Welcome to day three of our trek to Palm Springs and the annual conference of the California Preservation Foundation. Today's section of Highway 99 took us from Stockton to the northern edge of Bakersfield where we've bunked down for the evening.
Stockton proved to be a challenge due to a court session which resulted in the closure of numerous parking lots and a perimeter of streets in order to provide media access to the courthouse. We had a tough time finding a place to park but, wow, what a downtown!
After circling...and circling...and circling, we finally found a 30-minute spot, threw the car into park, and worked our way over to the Hotel Stockton, a 1910 Mission style hotel noted as the Central Valley's first reinforced concrete structure. The hotel once featured 252 rooms and an extensive roof garden.
With the advent of the motor hotel, or motel as we now know it, the Hotel Stockton fell out of favor and eventually closed in 1960. Used as county offices until 1992, the hotel was restored and reopened to the public in 2005. With its upper floors dedicated to apartments for low and fixed income residents, the hotel continues to play a vital role in the life of downtown Stockton and is listed on the National Register of Historic Places.
Next up was a look at the Stockton Savings & Loan Society Bank known for two important firsts: Stockton's first revolving door was located here and the building was regarded as Stockton's first skyscraper. The building is now home to the Bank of Stockton and is also on the National Register of Historic Places.
Although we didn't get to spend as much time as we would have liked exploring downtown, Stockton is home to an impressive list of 29 buildings listed on the National Register of Historic Places - definitely worth another visit.
From Mission style to a building shaped like a giant ice cream cone!
We stopped in Manteca to take a look at this little place mainly as a result of our A&W Burger Family. When we "adopted" our family, the gentleman we acquired them from mentioned he had built a drive-in shaped like an ice cream cone in Manteca. This was our first trip back since bringing the Burger Family home and the ice cream cone was the first thing to catch our eye on the drive into town along Main Street. We're happy to report it was open for business with people lined up for eats.
You'll probably have noticed by now that we really like the Welcome Arches found in various places along old 99. We were excited to get a look at this circa. 1912 Modesto arch after learning that the slogan "Water, Wealth, Contentment, Health" was decided after a contest, but was actually the runner-up slogan. The first place winning slogan was "Nobody's Got Modesto's Goat." Wish we could have seen that in neon! Thanks to Waymarking.com for the great story.
Modesto is also home to the Greater Valley Center Highway 99 Task Force, a regional non-profit organization working to transform roughly 280 miles of Highway 99 into the "Main Street of the San Joaquin Valley." A worthy project that we look forward to watching develop.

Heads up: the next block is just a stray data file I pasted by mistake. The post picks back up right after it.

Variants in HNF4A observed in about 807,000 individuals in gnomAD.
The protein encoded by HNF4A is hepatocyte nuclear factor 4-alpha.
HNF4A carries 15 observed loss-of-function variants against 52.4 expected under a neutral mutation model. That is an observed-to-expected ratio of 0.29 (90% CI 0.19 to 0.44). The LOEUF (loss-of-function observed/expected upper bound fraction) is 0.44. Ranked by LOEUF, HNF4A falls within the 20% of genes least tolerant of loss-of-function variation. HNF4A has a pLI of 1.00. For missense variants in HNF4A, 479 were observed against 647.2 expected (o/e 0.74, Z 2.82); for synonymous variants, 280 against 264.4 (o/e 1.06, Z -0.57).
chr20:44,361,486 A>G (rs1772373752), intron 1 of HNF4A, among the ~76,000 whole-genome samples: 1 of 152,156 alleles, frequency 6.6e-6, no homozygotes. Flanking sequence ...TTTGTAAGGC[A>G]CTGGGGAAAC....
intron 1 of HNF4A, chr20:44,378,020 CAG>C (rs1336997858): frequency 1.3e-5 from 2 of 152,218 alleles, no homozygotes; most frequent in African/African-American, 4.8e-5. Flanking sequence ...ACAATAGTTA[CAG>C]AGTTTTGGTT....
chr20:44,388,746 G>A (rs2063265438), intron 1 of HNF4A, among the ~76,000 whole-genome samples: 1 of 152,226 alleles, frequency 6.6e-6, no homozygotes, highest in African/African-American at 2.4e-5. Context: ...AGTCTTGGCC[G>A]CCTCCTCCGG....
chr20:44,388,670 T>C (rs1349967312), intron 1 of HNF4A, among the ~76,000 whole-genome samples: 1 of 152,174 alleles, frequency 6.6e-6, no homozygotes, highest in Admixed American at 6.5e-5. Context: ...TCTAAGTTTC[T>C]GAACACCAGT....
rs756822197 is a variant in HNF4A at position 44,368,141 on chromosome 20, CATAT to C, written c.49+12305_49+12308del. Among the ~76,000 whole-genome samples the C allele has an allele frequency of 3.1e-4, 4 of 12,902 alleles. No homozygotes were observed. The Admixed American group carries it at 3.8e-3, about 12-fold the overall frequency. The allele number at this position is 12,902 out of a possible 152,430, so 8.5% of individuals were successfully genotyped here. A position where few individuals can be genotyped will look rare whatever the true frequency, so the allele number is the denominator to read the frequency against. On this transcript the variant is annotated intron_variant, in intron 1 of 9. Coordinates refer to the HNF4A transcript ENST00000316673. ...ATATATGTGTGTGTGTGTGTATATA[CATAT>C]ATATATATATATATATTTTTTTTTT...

Following Modesto, we spotted this wonderfully maintained neon sign outside of the Rice Bowl restaurant in Merced along old 99, or 16th Street as it's now named.
We promised fiberglass giants and we deliver! It's no secret that we would love to add a Muffler Man to our fiberglass family, and while we've not yet found the right one for us, this one at the local agricultural museum made our day. The museum was closed, but we managed to catch this shot before that ominous cloud you see in the background (we think it followed us from Portland) blocked out the sun.
Next up - Madera. The sun had finally broken back through the clouds which prompted us to execute a somewhat questionable driving manuever in order to stop by Farnesi's Restaurant and Coffee Shop just off the Gateway Drive exit.
We were also happy to find this car dealership in Madera with an appreciation for vintage neon signs. In addition to the Buick sign they also display a vintage GMC Trucks neon sign.
Moving on to Fresno, we checked out a stretch of old 99, now named Golden State Blvd., and found this old motor court sign, one of a cluster of great old signs and mostly closed motels that once thrived along the highway.
Sadly, we just learned that the Storyland Inn has been condemned by the city of Fresno. We hope it might be possible to preserve the two wooden soldiers still guarding the entrance.
In that cluster of signs we mentioned along Golden State Blvd, we liked this combination of signs side by side: a Googie style coffee shop sign in front with the iconic Fresno Motel sign featuring a diving girl in back.
Toward the end of the day we passed through the small town of Fowler. We like to pretend that the town was named after Jim Fowler from Wild Kingdom, but are guessing that's probably not the case. As fans of the allure of neon, we were excited to see that the town had installed a new neon sign with an arrow leading to their downtown business district. Way to go, Fowler!
Signing off for now - on the road again in the morning for the final leg of our trip. Palm Springs or bust!
Jeff & Kelly